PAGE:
New Hampshire Louis Crosby Wyman (R) Wyman retired Jan 3, 1975; the election to succeed him was contested; then the seat was declared vacant.[4] Norris H. Cotton (R) Aug 8, 1975 John A. Durkin (D) Sep 16, 1975 Jan 3, 1981
Minnesota Hubert Humphrey (D) Died Jan 13, 1978 Muriel Humphrey (D) Jan 25, 1978 David Durenberger (R) Nov 7, 1978 Jan 3, 1983
Alabama James Allen (D) Died Jun 1, 1978 Maryon Allen (D) Jun 8, 1978 Donald Stewart (D) Nov 7, 1978 Jan 3, 1981
Washington Henry "Scoop" Jackson (D) Died Sep 1, 1983 Dan Evans (R) Sep 8, 1983 Dan Evans (R) Nov 8, 1983 Jan 3, 1989
Indiana Dan Quayle (R) Resigned Jan 3, 1989, elected Vice President Dan Coats (R) Jan 3, 1989 Dan Coats (R) Nov 6, 1990 Jan 3, 1993
Hawaii Spark Matsunaga (D) Died Apr 15, 1990 Daniel Akaka (D) May 16, 1990 Daniel Akaka (D) Nov 6, 1990 Jan 3, 1995
Pennsylvania John Heinz III (R) Died Apr 4, 1991 Harris Wofford (D) May 9, 1991 Harris Wofford (D) Nov 5, 1991 Jan 3, 1995
California Pete Wilson (R) Resigned Jan 7, 1991, elected Governor of California John Seymour (R) Jan 10, 1991 Dianne Feinstein (D) Nov 3, 1992 Jan 3, 1995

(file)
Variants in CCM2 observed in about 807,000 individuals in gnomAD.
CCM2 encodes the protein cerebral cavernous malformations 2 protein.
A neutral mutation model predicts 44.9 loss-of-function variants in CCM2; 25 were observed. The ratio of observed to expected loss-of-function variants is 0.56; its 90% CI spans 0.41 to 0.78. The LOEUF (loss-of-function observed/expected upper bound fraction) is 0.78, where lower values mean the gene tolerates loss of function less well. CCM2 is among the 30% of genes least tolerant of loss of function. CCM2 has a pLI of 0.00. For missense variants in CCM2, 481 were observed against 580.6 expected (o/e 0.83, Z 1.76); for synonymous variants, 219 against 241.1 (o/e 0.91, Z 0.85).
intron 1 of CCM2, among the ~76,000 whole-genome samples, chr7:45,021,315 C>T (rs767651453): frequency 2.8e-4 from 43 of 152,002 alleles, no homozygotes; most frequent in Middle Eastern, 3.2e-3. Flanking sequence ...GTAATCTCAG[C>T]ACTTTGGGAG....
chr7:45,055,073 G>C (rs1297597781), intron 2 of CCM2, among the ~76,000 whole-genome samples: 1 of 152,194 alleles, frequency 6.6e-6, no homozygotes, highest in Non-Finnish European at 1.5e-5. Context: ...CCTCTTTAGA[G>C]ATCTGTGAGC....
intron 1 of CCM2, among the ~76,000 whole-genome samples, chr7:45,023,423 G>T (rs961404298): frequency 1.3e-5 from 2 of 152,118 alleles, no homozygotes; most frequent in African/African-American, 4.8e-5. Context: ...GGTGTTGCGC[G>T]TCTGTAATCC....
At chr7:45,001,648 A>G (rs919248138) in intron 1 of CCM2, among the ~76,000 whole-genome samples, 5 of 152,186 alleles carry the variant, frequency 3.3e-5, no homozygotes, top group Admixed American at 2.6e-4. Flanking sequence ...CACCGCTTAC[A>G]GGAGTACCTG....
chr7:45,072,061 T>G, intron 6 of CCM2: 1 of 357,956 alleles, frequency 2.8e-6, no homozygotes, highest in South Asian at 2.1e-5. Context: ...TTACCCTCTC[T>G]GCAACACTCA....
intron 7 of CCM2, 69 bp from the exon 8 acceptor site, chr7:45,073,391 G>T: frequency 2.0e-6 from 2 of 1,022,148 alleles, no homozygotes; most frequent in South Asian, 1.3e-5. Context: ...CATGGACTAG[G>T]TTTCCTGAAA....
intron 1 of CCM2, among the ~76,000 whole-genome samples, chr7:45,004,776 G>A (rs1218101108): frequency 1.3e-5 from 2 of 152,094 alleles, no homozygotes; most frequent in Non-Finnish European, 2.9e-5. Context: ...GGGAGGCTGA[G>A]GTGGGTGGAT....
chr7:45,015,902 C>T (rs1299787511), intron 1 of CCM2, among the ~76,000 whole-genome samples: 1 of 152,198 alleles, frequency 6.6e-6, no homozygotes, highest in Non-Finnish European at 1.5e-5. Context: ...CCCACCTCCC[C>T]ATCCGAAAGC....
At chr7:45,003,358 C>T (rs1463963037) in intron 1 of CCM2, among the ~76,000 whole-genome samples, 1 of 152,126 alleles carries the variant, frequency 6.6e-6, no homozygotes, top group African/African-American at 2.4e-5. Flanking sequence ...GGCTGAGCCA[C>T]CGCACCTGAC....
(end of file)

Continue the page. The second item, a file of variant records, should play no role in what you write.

North Dakota Quentin Burdick (D) Died Sep 8, 1992 Jocelyn Burdick (D) Sep 16, 1992 Kent Conrad (D) Dec 4, 1992 Jan 3, 1995
Texas Lloyd Bentsen (D) Resigned Jan 20, 1993, appointed Treasury Secretary Bob Krueger (D) Jan 21, 1993 Kay Bailey Hutchison (R) Jun 5, 1993 Jan 3, 1995
Tennessee Al Gore (D) Resigned Jan 3, 1993, elected Vice President Harlan Matthews (D) Jan 3, 1993 Fred Thompson (R) Nov 8, 1994 Jan 3, 1997
Oklahoma David Boren (D) Resigned Nov 15, 1994, to become President of the University of Oklahoma No appointment Jim Inhofe (R) Nov 8, 1994 Jan 3, 1997
Oregon Bob Packwood (R) Resigned Oct 1, 1995, following Ethics Committee's recommendation of expulsion No appointment Ron Wyden (D) Jan 30, 1996 Jan 3, 1999
Kansas Bob Dole (R) Resigned Jun 11, 1996, to run for President Sheila Frahm (R) Jun 11, 1996 Sam Brownback (R) Nov 5, 1996 Jan 3, 1999